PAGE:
Instead of investing all its energy and capabilities in its long-standing quest for special treatment within the regime, Turkey must instead prepare and build an institutional capacity to implement the Paris Agreement. By ratification, Turkey has yet to become one of the contracting parties, but as soon as it joins, Turkey will have difficulty respecting the commitment and revision process, which is an integral part of the Paris Agreement. In addition to implementing and communicating THE INDC on the basis of its commitments and review approach, the agreement also establishes a strong and comprehensive transparency framework, which builds on the existing UNFCCC monitoring, reporting and verification mechanisms and strengthens them so that the parties are more accountable. Turkey needs to strengthen its institutional capacity to ensure compliance with reporting and verification obligations. Although Turkey`s overall reporting record has improved considerably since its first accession to the UNFCCC in 2004, it has been weak, particularly with regard to delays in the submission of national reports. More importantly, these reports were criticized during the review process for not complying with UNFCCC reporting guidelines. The technical expert report of Turkey`s sixth national communication is a recent example. Footnote 7 Turkey has been criticized on several fronts, including a lack of clear definitions, a lack of transparency about the assumptions underlying emission trajectories and macroeconomic scenarios and, as has already been said, non-compliance with the reporting guidelines. In addition, some sector data are not provided in these reports for privacy reasons. As in previous review reports, the audit team recommended that Turkey increase transparency and present ”applied assumptions.” Footnote 8 Similar criticisms and recommendations can also be observed when reviewing Turkey`s first and second joint semi-annual reports. Footnote 9 One of the main reasons for Turkey`s weak reporting record is its late participation in the climate regime. In this context, staying outside the Paris Agreement would also lead to a delay in the establishment of an improved monitoring and reporting structure to meet the more stringent reporting and verification requirements.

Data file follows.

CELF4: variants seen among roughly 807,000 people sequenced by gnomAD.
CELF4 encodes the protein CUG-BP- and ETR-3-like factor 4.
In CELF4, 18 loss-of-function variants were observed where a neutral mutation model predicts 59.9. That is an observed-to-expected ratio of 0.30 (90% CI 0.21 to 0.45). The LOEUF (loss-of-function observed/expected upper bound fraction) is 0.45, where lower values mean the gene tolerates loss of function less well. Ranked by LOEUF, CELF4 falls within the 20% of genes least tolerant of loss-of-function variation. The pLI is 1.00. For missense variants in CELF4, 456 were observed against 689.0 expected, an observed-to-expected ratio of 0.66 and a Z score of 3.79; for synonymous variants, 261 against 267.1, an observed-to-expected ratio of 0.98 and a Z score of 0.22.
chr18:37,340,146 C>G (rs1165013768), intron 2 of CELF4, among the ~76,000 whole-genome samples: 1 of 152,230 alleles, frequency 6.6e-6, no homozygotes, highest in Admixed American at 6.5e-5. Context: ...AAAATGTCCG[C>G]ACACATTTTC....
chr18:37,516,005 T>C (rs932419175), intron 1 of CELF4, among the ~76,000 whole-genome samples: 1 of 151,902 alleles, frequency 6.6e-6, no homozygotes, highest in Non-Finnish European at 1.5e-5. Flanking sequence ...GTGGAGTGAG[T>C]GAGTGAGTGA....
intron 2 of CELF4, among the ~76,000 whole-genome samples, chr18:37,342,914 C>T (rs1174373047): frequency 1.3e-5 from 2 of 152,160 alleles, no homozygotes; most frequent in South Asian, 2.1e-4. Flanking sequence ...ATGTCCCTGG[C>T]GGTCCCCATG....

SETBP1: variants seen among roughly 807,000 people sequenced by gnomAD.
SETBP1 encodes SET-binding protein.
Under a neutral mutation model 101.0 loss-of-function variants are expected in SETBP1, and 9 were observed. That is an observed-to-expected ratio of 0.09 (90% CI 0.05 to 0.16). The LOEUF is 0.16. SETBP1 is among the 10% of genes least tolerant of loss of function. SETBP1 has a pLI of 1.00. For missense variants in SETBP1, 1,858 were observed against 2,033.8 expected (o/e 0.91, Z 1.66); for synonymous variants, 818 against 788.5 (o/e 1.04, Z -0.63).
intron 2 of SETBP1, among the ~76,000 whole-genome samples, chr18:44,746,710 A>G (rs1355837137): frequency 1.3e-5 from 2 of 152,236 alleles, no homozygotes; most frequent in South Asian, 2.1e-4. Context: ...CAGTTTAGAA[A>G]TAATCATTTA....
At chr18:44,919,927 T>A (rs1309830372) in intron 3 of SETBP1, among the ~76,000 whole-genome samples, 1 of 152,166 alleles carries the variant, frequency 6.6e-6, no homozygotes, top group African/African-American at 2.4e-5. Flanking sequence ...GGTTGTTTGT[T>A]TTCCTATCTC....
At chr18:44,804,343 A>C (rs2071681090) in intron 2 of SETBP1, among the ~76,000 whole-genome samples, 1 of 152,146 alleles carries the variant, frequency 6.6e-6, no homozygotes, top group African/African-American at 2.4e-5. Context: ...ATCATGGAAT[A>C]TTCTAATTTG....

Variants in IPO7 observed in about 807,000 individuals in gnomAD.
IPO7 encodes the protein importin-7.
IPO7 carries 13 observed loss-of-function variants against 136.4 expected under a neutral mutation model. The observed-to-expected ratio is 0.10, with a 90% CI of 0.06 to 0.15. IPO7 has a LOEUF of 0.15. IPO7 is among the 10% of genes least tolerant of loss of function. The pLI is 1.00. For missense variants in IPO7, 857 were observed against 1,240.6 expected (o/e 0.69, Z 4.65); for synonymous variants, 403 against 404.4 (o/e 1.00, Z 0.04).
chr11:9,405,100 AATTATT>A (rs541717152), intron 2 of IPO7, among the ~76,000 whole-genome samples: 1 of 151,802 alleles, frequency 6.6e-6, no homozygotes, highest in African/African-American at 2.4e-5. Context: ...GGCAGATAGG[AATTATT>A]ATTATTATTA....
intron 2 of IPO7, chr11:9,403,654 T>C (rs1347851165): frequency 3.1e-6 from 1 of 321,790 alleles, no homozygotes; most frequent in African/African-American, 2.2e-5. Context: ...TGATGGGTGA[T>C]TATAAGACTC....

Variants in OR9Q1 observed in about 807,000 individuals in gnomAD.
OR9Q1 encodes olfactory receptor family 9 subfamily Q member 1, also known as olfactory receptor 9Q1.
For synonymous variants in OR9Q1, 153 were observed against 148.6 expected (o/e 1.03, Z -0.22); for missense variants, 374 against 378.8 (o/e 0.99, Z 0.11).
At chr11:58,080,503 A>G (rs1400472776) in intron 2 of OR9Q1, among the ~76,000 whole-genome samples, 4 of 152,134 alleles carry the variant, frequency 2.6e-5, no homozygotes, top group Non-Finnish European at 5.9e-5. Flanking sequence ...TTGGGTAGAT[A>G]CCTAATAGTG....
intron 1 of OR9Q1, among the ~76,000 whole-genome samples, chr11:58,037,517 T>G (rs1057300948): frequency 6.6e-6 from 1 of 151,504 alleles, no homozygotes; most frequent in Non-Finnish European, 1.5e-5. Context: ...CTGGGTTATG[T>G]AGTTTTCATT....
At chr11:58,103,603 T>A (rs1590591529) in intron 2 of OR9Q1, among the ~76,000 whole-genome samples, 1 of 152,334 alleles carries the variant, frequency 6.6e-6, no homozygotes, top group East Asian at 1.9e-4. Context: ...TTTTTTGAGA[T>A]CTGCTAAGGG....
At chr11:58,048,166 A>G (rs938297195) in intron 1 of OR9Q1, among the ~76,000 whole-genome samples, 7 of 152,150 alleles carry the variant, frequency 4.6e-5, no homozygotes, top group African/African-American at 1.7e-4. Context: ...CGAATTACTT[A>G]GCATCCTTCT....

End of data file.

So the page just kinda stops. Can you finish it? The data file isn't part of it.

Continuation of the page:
One of the key issues of this forum is Turkey`s place in global climate policy and policy. In this article, I will try to answer the question of whether Turkey`s ”special circumstances” remain valid under the new climate regime after the Paris Agreement comes into force. The answer to that question is yes and no. Yes, because, from a legal point of view, Turkey`s ”special circumstances” have been recognized by a decision of the Conference of the Parties (COP), and Turkey will continue to use them in the years to come. However, the real impact of this particular status is politically uncertain, if not zero, given the new provisions of the Paris Agreement. A closer look at the new type of climate change cooperation enshrined in the agreement will help explain why Turkey`s ”special” circumstances may not be politically applicable. In signing the agreement, Turkish regional representatives pledged to significantly reduce their emissions and adapt the transport, building renovation, energy supply and agriculture sectors to the former.